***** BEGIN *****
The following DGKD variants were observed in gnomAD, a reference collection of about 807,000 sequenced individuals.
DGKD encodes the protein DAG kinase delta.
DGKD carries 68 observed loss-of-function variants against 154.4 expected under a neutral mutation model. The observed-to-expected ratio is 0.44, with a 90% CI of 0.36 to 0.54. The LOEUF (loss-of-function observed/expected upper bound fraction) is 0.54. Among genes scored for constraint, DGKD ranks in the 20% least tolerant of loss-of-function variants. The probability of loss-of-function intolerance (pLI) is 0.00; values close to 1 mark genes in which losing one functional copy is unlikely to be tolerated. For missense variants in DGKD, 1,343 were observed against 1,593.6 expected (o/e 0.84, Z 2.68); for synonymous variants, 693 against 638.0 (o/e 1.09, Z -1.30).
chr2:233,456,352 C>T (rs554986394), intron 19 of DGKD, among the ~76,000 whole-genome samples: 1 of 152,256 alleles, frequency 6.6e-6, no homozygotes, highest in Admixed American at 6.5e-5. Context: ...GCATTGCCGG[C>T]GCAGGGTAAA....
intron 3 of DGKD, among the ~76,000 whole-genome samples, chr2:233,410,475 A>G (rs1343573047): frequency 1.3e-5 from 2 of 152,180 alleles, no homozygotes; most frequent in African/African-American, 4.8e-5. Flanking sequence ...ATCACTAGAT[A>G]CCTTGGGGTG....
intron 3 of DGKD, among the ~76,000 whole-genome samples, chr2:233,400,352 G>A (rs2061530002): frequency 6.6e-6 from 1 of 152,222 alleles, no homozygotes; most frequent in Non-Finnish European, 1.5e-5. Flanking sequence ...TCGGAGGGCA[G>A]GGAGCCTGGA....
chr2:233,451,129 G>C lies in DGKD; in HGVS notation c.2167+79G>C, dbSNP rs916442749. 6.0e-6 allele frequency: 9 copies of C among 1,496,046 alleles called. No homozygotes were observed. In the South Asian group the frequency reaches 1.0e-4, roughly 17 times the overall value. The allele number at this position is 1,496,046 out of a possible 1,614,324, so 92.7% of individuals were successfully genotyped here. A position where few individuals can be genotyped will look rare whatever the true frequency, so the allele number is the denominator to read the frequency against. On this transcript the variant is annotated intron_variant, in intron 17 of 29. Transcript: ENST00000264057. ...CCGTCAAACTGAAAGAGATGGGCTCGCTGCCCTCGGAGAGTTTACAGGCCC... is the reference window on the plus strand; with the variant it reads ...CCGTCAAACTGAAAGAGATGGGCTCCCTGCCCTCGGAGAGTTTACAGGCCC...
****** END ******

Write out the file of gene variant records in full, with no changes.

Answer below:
The following DGKD variants were observed in gnomAD, a reference collection of about 807,000 sequenced individuals.
DGKD encodes the protein DAG kinase delta.
DGKD carries 68 observed loss-of-function variants against 154.4 expected under a neutral mutation model. The observed-to-expected ratio is 0.44, with a 90% CI of 0.36 to 0.54. The LOEUF (loss-of-function observed/expected upper bound fraction) is 0.54. Among genes scored for constraint, DGKD ranks in the 20% least tolerant of loss-of-function variants. The probability of loss-of-function intolerance (pLI) is 0.00; values close to 1 mark genes in which losing one functional copy is unlikely to be tolerated. For missense variants in DGKD, 1,343 were observed against 1,593.6 expected (o/e 0.84, Z 2.68); for synonymous variants, 693 against 638.0 (o/e 1.09, Z -1.30).
chr2:233,456,352 C>T (rs554986394), intron 19 of DGKD, among the ~76,000 whole-genome samples: 1 of 152,256 alleles, frequency 6.6e-6, no homozygotes, highest in Admixed American at 6.5e-5. Context: ...GCATTGCCGG[C>T]GCAGGGTAAA....
intron 3 of DGKD, among the ~76,000 whole-genome samples, chr2:233,410,475 A>G (rs1343573047): frequency 1.3e-5 from 2 of 152,180 alleles, no homozygotes; most frequent in African/African-American, 4.8e-5. Flanking sequence ...ATCACTAGAT[A>G]CCTTGGGGTG....
intron 3 of DGKD, among the ~76,000 whole-genome samples, chr2:233,400,352 G>A (rs2061530002): frequency 6.6e-6 from 1 of 152,222 alleles, no homozygotes; most frequent in Non-Finnish European, 1.5e-5. Flanking sequence ...TCGGAGGGCA[G>A]GGAGCCTGGA....
chr2:233,451,129 G>C lies in DGKD; in HGVS notation c.2167+79G>C, dbSNP rs916442749. 6.0e-6 allele frequency: 9 copies of C among 1,496,046 alleles called. No homozygotes were observed. In the South Asian group the frequency reaches 1.0e-4, roughly 17 times the overall value. The allele number at this position is 1,496,046 out of a possible 1,614,324, so 92.7% of individuals were successfully genotyped here. A position where few individuals can be genotyped will look rare whatever the true frequency, so the allele number is the denominator to read the frequency against. On this transcript the variant is annotated intron_variant, in intron 17 of 29. Transcript: ENST00000264057. ...CCGTCAAACTGAAAGAGATGGGCTCGCTGCCCTCGGAGAGTTTACAGGCCC... is the reference window on the plus strand; with the variant it reads ...CCGTCAAACTGAAAGAGATGGGCTCCCTGCCCTCGGAGAGTTTACAGGCCC...